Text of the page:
Apricot, fresh and dried

Name Variations Edit

About Dried apricot Edit

Wikipedia Article About Dried apricot on Wikipedia

Turkey provides 85 percent of the world's dried apricot and apricot kernels today (concentrated around the city of Malatya). Most U.S. production is in California with some in Oregon and Utah. The production and packing industry in California have a heavy Armenian presence.

The nutrients (e.g., beta-carotene and niacin) are more concentrated in dried than in fresh apricots. Dried apricots also have a higher sugar content, which makes them more likely to stick on your teeth. Your dentist will remind you to brush or rinse your teeth after eating any dried fruit or sticky foods. If you’re allergic or sensitive to sulfites, remember to look on the label of the package to see if the apricots were treated with sulfur dioxide for color preservation. Look in health-food stores for apricots that were not treated with sulfites. They’ll be brown, not orange.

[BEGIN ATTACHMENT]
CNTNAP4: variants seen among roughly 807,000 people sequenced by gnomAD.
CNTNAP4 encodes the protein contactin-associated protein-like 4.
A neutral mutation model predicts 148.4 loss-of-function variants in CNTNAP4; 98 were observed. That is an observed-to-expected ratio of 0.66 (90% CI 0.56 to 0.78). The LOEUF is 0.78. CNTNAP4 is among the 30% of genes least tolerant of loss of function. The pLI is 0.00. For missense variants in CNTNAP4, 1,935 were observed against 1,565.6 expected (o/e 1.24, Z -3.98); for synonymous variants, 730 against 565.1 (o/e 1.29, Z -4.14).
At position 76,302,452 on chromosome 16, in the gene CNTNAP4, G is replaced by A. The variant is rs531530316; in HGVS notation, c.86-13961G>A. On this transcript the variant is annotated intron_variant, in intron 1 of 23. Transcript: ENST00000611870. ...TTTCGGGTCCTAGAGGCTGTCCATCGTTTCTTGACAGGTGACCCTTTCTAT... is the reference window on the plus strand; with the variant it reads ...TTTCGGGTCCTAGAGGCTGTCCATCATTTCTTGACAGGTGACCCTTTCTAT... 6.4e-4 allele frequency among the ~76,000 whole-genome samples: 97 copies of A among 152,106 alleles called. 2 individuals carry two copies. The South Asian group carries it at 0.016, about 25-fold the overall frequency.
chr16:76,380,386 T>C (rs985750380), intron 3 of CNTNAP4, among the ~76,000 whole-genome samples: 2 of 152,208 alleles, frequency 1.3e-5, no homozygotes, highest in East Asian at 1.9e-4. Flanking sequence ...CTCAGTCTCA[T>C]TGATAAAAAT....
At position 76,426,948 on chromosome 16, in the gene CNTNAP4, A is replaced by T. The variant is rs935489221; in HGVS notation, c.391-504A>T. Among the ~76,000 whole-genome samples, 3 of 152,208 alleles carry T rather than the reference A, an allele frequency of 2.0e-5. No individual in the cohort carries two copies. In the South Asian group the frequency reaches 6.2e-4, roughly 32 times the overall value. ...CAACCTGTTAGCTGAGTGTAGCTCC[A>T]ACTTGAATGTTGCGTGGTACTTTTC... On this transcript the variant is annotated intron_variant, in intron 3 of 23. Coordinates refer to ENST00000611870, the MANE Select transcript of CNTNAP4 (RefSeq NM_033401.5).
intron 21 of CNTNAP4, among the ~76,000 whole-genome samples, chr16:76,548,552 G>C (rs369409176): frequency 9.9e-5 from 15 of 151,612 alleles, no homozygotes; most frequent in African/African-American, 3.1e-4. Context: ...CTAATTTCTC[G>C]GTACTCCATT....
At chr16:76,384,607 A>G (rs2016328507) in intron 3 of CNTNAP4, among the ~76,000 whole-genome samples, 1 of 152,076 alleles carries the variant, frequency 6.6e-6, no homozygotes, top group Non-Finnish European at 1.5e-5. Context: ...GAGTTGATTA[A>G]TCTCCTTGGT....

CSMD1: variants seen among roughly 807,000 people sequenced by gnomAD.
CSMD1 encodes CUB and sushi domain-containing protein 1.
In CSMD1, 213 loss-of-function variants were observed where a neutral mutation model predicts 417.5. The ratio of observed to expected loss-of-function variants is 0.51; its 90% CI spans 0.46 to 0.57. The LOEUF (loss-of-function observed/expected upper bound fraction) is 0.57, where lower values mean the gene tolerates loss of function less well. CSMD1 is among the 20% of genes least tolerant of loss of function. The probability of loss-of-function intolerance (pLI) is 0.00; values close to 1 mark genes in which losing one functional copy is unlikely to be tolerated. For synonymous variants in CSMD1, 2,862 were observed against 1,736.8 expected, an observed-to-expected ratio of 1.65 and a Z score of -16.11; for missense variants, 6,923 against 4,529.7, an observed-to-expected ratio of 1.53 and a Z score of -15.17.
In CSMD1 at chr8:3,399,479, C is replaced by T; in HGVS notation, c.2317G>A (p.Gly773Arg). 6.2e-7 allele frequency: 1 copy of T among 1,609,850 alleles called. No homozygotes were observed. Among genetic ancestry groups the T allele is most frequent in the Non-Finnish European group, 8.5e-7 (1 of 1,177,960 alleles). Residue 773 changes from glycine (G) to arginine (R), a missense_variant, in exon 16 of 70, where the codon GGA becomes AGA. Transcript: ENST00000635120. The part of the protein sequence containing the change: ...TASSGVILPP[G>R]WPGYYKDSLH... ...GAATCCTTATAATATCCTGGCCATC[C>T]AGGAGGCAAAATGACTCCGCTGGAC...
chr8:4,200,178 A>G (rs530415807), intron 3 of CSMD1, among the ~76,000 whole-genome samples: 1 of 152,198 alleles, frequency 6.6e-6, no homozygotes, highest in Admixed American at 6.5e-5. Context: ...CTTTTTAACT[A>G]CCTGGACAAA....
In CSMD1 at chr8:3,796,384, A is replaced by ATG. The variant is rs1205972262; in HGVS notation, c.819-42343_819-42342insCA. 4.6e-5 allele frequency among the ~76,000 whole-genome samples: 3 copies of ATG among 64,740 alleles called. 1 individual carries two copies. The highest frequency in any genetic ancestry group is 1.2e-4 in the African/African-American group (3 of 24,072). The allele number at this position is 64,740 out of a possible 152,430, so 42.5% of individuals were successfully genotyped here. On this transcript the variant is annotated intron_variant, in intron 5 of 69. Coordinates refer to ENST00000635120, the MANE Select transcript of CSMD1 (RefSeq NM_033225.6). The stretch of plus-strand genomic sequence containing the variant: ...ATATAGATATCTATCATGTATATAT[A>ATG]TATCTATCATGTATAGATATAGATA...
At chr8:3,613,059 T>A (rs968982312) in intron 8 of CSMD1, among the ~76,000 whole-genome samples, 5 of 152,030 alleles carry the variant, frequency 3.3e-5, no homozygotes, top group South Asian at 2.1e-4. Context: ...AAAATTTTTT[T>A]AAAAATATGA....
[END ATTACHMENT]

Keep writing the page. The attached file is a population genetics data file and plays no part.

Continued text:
Dried apricot Recipes Edit

Source Edit

  • Fruit of the Month: Apricot by the US Centers for Disease Control & Prevention, public domain government resource—original source of article
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